Associate Editor
Staff

By now, you’ve likely seen it: Seth Moniz hucking himself at the newest wave pool in Waco, Texas. It’s progressive, clean, and absolutely mind-blowing. And if you haven’t, well, press the little triangle in the embedded Instagram video above.

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Last September, our senior editor, Alex Haro, published a fiction piece titled The Dystopian Future of Surf, and in light of the wild weekend of wave pool news between the inaugural Founders’ Cup and some of the first footage to come from BSR’s American Wave Machines installation, and now Seth Moniz’s monstrous backflip, a piece of Alex’s imagined future seems to have nearly arrived.

“He was riding this little disc with no fins, reminiscent of those skimboards people used to ride,” writes Alex. “I was on the pulley back out to the peak about halfway through my session, and I watched him do a full el rollo on it. I remember when that was something that everyone talked about, but never really managed. Far as I know, no one ever did one on a surfboard. Right at the top, he did a quick shove-it. He was upside down in a barrel, and he did a shove-it. Blew my mind, but he acted like it wasnโ€™t anything.”

We’re not exactly at a moment in history when all this wave pool curiosity has subsided. Far from it actually. But while the furthest reaches of the internet seem concerned with which wave pool technology is superior (in this case American Wave Machines or Kelly Slater Wave Co.), may I submit to you that the question doesn’t even matter?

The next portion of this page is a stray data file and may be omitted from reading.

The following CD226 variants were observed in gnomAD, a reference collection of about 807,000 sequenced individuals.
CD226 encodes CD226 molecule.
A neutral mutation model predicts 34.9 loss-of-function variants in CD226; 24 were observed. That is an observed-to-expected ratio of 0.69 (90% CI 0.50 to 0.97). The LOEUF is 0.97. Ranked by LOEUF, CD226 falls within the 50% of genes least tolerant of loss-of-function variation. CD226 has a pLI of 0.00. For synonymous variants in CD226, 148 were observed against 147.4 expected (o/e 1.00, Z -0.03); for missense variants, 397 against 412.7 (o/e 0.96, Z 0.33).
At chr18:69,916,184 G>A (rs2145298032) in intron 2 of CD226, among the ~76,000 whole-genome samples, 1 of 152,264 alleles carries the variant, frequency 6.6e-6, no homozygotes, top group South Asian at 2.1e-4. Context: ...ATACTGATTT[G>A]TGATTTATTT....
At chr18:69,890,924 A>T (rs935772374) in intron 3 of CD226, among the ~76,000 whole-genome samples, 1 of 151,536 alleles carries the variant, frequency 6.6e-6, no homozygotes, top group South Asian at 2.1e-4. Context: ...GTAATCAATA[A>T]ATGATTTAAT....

Clearly, the Waco wave is able to produce more clearly defined sections and short punchy tubes, while Kelly’s wave is designed for long barrel rides and a few drawn out top-to-bottom turns.

Imagine for a minute in the not-so-distant future a world with a handful of KS Wave Co pools, American Wave Machines pools, Wavegarden pools, Surf Lakes pools, Webber pools, and more. Barring cost and access considerations, a wave pool goer could theoretically work on barrel riding at their closest Surf Ranch for a day and practice air reverses at an American Wave Machines pool the next, then dip in the ocean and put it all together for free. Bottom line, the proliferation of pools is already putting surfing on the progression fast track (case in point: Seth Moniz’s backflip) by manufacturing identical wave after identical wave.